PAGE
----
Mexico to deport migrants who stormed border
Mexico will deport Central American migrants who attempted to storm the US border, its interior ministry said. The group, part of the migrant caravan heading towards the US from Central America, was rounded up after trying to cross the border “violently” and “illegally” on Sunday.
Video footage shows dozens of people running towards the border fence near the city of Tijuana. US border officers used tear gas to repel them.
Tension has been running high on the US-Mexican border since the arrival of almost 7,500 migrants over the past weeks.
The migrants, who are mostly from Honduras, but also from Guatemala and El Salvador, say they are fleeing the threat of violence in their home countries and looking to make a better life for themselves and their families.
They have travelled in large groups, dubbed “caravans”, for more than 4,000km (2,500 miles) from Central America and most want to reach the United States, where they say they plan to ask for asylum. Among them are many families with young children.
But with US President Donald Trump vowing to keep each migrant on the Mexican side of the border until courts have decided their case, they are facing a long wait.
They have been spending the past two weeks in temporary shelters in the Mexican border city of Tijuana and in Mexicali, 180km to the east along the border.
A group of at least 500 migrants joined a march from their shelter in Tijuana towards the border on Sunday. Mexican Interior Minister Alfonso Navarrete said the migrants had asked for help to organise the demonstration but were then reportedly encouraged by some of the movement’s leaders to split into different groups so they could make a run for the border and try to cross into the US.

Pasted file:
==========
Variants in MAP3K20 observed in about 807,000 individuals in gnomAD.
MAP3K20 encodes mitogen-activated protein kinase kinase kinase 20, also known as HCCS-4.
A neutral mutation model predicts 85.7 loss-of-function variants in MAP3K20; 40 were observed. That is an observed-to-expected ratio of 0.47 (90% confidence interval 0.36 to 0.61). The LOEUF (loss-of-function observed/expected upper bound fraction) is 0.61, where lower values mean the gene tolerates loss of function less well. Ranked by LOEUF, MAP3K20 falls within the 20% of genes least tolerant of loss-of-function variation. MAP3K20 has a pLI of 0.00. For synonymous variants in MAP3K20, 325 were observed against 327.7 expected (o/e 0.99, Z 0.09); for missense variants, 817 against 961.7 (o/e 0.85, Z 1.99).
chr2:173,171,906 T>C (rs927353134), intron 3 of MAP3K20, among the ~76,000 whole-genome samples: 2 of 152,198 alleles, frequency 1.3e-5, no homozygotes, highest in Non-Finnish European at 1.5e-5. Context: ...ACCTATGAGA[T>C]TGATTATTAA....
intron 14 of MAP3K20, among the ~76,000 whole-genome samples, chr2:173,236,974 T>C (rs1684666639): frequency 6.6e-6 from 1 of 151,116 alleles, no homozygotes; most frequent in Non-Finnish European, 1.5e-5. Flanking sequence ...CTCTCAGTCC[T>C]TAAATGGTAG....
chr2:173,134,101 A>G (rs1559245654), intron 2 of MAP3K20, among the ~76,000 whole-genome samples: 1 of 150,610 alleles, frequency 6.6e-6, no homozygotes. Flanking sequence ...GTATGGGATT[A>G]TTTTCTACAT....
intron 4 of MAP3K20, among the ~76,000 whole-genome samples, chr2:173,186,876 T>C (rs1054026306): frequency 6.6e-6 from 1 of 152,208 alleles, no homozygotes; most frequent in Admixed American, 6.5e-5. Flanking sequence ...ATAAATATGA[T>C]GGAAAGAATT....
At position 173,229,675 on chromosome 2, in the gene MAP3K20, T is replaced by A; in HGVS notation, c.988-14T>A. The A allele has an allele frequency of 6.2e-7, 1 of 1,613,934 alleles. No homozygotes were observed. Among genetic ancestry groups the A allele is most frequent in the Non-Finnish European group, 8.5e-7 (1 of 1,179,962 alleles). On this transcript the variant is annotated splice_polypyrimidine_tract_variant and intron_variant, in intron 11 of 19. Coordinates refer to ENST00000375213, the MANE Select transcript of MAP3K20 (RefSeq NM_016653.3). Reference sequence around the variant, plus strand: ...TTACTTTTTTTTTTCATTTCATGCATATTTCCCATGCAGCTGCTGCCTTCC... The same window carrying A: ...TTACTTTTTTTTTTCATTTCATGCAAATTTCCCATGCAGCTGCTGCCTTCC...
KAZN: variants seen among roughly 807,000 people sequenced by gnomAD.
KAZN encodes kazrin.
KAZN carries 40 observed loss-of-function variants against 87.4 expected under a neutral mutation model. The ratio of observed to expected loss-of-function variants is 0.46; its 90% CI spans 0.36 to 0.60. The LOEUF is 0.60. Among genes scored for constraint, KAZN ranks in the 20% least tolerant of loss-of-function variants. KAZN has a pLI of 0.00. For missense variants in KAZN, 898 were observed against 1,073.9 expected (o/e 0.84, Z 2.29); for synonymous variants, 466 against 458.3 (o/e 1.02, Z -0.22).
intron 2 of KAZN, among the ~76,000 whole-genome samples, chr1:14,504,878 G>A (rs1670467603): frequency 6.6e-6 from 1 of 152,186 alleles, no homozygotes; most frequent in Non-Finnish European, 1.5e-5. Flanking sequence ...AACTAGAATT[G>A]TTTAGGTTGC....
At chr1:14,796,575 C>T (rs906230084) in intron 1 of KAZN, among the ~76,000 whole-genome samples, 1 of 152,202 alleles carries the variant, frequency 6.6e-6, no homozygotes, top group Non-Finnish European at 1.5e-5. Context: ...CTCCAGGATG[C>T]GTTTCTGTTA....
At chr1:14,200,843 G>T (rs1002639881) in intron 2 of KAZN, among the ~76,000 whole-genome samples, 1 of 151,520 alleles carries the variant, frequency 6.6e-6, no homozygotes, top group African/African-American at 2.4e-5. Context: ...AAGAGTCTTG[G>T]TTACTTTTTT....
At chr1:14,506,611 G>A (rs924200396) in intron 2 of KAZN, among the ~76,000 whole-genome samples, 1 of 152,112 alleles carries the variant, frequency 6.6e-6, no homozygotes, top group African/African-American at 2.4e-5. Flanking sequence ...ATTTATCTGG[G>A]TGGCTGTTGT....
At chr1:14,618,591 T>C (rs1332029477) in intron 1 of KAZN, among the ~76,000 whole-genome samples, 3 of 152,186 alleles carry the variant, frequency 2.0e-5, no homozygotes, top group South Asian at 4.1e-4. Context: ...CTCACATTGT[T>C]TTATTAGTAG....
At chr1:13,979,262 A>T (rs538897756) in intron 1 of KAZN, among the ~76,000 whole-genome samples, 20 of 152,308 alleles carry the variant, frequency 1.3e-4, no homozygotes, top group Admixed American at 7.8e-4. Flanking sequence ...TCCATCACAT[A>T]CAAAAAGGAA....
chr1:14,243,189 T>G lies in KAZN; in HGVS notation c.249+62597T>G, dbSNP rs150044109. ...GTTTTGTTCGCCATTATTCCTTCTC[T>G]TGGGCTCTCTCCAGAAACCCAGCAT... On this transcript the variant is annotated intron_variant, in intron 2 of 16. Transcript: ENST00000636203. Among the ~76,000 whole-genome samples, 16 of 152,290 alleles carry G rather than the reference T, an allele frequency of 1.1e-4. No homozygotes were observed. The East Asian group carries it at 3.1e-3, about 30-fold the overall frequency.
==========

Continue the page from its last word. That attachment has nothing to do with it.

The march started peacefully with migrants carrying pro-immigration banners and shouting: “We aren’t criminals! We are hard workers!”.
But once they managed to get past the security cordon, the march quickly turned into a dash for the border, BBC correspondent Will Grant reports.
Several hundred managed to climb over the first barrier, according to the Agence France-Press news agency. It was as they tried to cross a second, spike-topped wall that officials on the US side began firing tear gas.
An AFP journalist saw the migrants including mothers and children trying to protect themselves from the gas, with some crying out that they only wanted to find work and a better life in the US.
Associated Press Mexico correspondent Chris Sherman said he had seen parents running away with choking toddlers. Among them was Honduran migrant Ana Zuniga, 23, and her three-year-old child: “We ran but when you run, the smoke smothers you more.”
With the Mexican authorities saying that those who crossed illegally into the US on Sunday face “immediate” deportation, the mood in the migrant shelter is likely to darken, says the BBC’s Will Grant.
Many in the migrant caravan are likely to be unsettled by this turn of events, our correspondent says.
And with many in the shelters realising how long the wait for asylum could be, some, like Honduran Joseph García, are growing increasingly desperate: “My little girl is sick and I don’t even have money for milk. I can’t stand it anymore.”